Saturday, August 15, 2015

Can Agile Fail

Agile doesn't fail; people do.
At its core, agile is a collective mindset, the culture thing. “Agile” as a mindset can't fail - because it is essentially a philosophy defined by a very short manifesto. And it's a principle to run today's business. If being agile is an ultimate goal you are going to achieve, it shouldn't fail; and then doing agile is the intermediate steps for continuous delivery, it is sometimes failing, but how to learn from it?

Agile is not a process you can implement but rather a change of culture. It sometimes fails because this is really difficult to nurture, and companies don't realize benefits quickly enough. It can also fail when a process such as Scrum is implemented without an understanding of the Agile values. In the context of moving from traditional (waterfall-like) to agile, failure always happens due to poor management: middle managers resisting to change and a serious lack of commitment from top management. This results in a bad implementation of agility and epic fails.  Regardless of the process, agile or not, to succeed in Agile, the entire organization has to be aligned. Agile is not a cure-all, and nothing in life is ever guaranteed. Agile is a way of delivery, it's not meant for solving problems and is not a shortcut to delivery either. Failure happens on any delivery model. At the end, the right set of team's skills and the right collaboration and alignment of talent professionals with team increases the possibility of success.

Agile doesn't fail; people do. They do so for all sorts of reasons. Nobody is perfect. As a result, there is no perfect score when it comes to project success. What is important is that the chances of scoring high are improved with agile if the people are trained, properly led, directed, motivated and marshaled towards achievable goals. Lots of meaning in a few words. One more reason for Agile to fail can be team members taking advantage of the process. Few interested people at the engineering level tend to try to implement, but don't really master things. They keep the old process and add some agility flavor, because you know: "we need to change everything but not too much...", and they soon messed up. At the end, nobody at the top management level wants to hear about agility anymore. Since Agile believes in trust, transparency and team commitment, exploitation of any of the three facets can and will bring a project to failure. The continuous improvement which means, changing your process and even making up new stuff to address observed problems is, so fundamental to agility. But rigidly following a set process (like Scrum) is a recipe for failure. So, the problem is neither people who think their process is "better" or deviation from a "set" of the process. The problem is not knowing enough to assess what is actually better, and having a rigid process that's developed by people outside the team. Only the team can decide what's "better" for it, and the team's decision should be over any rigid process created by outsiders.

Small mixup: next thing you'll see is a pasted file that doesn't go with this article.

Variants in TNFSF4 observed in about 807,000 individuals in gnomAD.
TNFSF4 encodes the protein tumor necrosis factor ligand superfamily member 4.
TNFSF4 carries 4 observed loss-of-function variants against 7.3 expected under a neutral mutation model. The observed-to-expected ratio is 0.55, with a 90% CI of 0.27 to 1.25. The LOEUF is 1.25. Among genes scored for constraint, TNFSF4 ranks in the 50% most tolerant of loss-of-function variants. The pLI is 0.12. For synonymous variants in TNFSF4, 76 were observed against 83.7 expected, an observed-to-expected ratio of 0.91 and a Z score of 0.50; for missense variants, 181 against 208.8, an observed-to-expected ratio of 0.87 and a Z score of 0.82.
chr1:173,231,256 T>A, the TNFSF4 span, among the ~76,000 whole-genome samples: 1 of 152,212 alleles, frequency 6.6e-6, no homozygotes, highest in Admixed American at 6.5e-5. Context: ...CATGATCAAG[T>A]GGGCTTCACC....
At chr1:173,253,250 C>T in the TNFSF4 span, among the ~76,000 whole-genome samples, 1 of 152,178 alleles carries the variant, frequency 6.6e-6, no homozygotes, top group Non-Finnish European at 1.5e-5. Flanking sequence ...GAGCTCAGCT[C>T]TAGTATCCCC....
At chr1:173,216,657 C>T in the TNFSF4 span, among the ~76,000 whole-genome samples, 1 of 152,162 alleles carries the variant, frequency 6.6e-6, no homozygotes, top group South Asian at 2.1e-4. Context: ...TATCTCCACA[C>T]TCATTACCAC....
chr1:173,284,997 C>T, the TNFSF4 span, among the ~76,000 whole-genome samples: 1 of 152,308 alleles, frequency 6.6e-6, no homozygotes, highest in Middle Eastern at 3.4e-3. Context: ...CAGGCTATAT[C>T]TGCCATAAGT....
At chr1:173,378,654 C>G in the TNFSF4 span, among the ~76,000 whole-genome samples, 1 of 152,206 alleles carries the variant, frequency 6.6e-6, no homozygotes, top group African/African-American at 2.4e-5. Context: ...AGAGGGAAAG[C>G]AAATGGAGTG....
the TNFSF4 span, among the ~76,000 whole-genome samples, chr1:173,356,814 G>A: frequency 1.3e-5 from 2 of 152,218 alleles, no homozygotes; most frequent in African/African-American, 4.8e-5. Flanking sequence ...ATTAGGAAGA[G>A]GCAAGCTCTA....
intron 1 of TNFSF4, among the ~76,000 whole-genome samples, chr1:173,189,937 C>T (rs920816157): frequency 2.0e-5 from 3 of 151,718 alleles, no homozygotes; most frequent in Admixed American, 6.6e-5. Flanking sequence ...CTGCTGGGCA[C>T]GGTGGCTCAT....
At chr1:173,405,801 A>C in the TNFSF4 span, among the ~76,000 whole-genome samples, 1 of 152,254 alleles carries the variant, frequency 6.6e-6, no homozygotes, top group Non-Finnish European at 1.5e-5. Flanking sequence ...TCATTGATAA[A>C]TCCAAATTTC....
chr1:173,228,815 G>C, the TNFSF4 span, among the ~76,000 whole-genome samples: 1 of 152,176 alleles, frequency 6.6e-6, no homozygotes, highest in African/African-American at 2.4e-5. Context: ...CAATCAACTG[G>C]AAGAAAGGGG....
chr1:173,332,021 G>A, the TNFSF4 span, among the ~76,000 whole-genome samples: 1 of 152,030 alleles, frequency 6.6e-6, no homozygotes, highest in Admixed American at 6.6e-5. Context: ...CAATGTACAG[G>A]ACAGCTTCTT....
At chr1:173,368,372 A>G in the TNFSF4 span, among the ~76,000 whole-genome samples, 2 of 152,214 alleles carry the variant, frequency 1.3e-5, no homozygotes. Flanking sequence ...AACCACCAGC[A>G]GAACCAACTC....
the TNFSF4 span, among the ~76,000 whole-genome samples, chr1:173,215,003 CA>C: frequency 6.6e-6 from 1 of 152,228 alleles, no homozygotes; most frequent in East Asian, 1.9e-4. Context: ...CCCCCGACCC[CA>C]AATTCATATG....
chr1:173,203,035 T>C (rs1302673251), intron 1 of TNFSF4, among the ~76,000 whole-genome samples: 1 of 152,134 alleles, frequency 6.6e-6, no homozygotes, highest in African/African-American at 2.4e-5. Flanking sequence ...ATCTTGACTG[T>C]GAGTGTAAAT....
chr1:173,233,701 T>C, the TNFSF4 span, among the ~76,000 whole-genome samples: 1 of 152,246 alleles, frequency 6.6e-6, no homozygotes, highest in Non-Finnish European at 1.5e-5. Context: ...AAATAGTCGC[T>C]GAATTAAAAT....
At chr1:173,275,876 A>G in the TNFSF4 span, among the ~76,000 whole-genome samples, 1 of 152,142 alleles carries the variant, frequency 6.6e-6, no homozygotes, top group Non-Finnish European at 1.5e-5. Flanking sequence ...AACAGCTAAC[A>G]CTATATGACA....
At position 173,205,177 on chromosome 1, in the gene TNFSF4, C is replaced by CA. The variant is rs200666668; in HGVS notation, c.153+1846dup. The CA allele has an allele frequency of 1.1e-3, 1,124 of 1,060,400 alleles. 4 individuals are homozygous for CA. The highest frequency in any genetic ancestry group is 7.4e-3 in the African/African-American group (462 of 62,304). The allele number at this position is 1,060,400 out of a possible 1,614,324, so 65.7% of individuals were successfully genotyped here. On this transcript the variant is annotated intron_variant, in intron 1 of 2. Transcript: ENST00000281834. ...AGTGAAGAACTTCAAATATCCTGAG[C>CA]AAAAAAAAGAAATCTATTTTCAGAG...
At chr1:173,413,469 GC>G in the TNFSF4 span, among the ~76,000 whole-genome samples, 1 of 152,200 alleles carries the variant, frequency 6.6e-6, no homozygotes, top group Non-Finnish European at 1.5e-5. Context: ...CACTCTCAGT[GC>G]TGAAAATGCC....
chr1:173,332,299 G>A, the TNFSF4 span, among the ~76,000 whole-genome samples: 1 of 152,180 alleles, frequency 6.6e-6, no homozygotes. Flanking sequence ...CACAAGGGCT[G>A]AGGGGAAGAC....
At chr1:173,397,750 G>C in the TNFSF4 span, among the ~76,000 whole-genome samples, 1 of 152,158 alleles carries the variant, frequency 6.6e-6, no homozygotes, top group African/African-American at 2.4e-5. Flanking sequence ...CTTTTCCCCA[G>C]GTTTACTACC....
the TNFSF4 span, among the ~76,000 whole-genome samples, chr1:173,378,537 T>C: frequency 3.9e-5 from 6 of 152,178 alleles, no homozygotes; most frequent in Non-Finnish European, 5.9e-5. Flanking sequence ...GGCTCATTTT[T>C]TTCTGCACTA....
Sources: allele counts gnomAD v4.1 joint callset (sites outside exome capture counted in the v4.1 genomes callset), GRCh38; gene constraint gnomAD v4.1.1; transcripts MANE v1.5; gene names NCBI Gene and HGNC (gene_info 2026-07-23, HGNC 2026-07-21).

Risk awareness and risk management: Software Development work inherently has "Unknown unknowns." There's always a risk that in among these will be something that causes the project to 'fail.' Even if you do everything right, there's still a risk of failure. And some of the teams who think they are "Agile" will not know how to do everything right. For them, the risk is greater, proportional to their level of ignorance. So there are two things you can do; 1) choose the level of risk that you want to work with; tame low-risk projects that are not much more than construction; challenging development projects where there is a real risk of failure; research projects where "success" in the conventional meaning for development work is very unlikely, but the chance of finding something really valuable is worth the risk. And 2) understand, in depth, the business, the mindset and the practices of modern software development.

Fail fast and fail forward. Agile approaches can't guarantee you project will succeed either - however it can help you to "fail early" and minimize the cost, effort and waste involved. It's not Agile that is failing the business, just the people in the business failing to be Agile. So whether the project success or failure there will be transformational benefits to the team and those benefits can be stepping stones to build an agile organization. So instead calling failure, you can claim improvements needed, and will happen over the time, and this will boost up team energy to move on and scale up. As a team, however, you might fail if:
- you fail to produce valuable software for the clients
- you obsess about processes and tools while ignoring individuals and interactions
- you resent change and want to stick to the (beautiful) plan
- you ignore the "business people" in the organization
- you fail to communicate effectively and become stressed and angry as a result
- you focus on what you want to do, not what the client needs
- you work at a pace or with too much intensity
- you ignore simple solutions in favor of more technically interesting complex ones
-you can fail to be honest when we reflect on what we need to do to improve

"Agile is a silver mirror, not a silver bullet," you can use it to identify behaviors you need to change, but making those changes, and making them stick is up to you. Being Agile is about continuous improvement. And this implies continuous changes.


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